Whether it’s for the school run or driving holidays, finding the perfect car for your brood’s needs comes down to size, flexibility and storage space in the boot, writes Geraldine Herbert
With two small boys, three cats and two dogs I’ve grappled with more than my fair share of versatile seating systems and spacious storage areas in a quest for the perfect solution to family transport. And while I still relish the sound of a deep, husky, resonant exhaust and the promise of the open road, experience has thought me that it is hard to beat a good MPV for everything from school runs to family holidays.
At the heart of good MPV is a simple design brief; it needs to be fun to drive and cope willingly with the demands of kids, work, and weekend leisure pursuit. So what are the important considerations? Size matters, the numbers of seats are important but flexibility is even more crucial and there’s the issue of the doors.
There are three types of sizes; the supermini MPV, compact MPV’s and the traditional large MPV. Superminis are essentially small cars but with a higher roof and elevated driving position. The compact MPV has five seats but very often offers the option of seven, while traditional large mpvs are only available as seven seaters.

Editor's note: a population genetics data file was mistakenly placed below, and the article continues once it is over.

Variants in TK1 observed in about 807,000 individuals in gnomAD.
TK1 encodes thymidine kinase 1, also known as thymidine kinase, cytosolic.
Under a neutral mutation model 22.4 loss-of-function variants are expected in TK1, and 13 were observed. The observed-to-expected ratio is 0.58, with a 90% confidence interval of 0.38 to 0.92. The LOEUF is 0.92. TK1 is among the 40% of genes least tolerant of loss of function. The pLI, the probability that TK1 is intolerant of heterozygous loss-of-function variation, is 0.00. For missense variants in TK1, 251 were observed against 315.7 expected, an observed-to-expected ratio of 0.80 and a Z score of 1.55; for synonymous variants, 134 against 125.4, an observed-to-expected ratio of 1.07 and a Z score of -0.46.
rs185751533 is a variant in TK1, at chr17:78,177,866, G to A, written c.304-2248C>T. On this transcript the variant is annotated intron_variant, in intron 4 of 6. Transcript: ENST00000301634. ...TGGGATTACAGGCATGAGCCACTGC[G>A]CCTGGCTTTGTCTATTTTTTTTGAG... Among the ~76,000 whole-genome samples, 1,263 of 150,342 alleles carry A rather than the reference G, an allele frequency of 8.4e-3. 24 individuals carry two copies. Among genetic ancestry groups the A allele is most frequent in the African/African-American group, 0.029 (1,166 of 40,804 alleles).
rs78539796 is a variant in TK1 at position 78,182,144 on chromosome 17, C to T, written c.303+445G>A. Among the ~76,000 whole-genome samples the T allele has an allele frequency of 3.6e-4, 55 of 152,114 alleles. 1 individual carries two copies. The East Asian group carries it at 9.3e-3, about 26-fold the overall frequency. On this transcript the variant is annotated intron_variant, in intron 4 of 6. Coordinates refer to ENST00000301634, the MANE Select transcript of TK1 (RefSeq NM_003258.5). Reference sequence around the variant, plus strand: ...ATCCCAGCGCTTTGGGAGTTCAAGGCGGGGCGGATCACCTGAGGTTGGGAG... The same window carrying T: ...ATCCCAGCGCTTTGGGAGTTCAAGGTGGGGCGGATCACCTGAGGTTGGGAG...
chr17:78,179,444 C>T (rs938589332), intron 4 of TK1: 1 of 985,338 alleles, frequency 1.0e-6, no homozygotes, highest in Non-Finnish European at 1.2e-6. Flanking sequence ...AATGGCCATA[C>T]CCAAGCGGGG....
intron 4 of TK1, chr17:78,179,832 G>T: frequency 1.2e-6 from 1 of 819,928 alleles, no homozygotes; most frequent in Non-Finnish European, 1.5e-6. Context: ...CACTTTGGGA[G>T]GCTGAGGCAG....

A good example of the supermini MPV is Opel’s Meriva with its clever rear-hinged doors. From the outside they appear like conventional doors but they are actually open in the opposite direction making it much easier to get children in and out. Once inside the FlexSpace seating system gives it an edge over rivals as the rear seats can be moved forwards and backwards or folded down to create increased boot space.
For a long time the Meriva was the most innovative of the supermini mpvs but not anymore with the arrival of Ford’s new B-Max. Slightly bigger than the Fiesta but smaller than the five door Focus, the B-Max is the newest addition to this market. It is also the only supermini MPV with sliding doors. There are no fixed B-pillars in the car so when the doors open the entire side of the car is revealed which makes it easier to load in the kids with armfuls of shopping.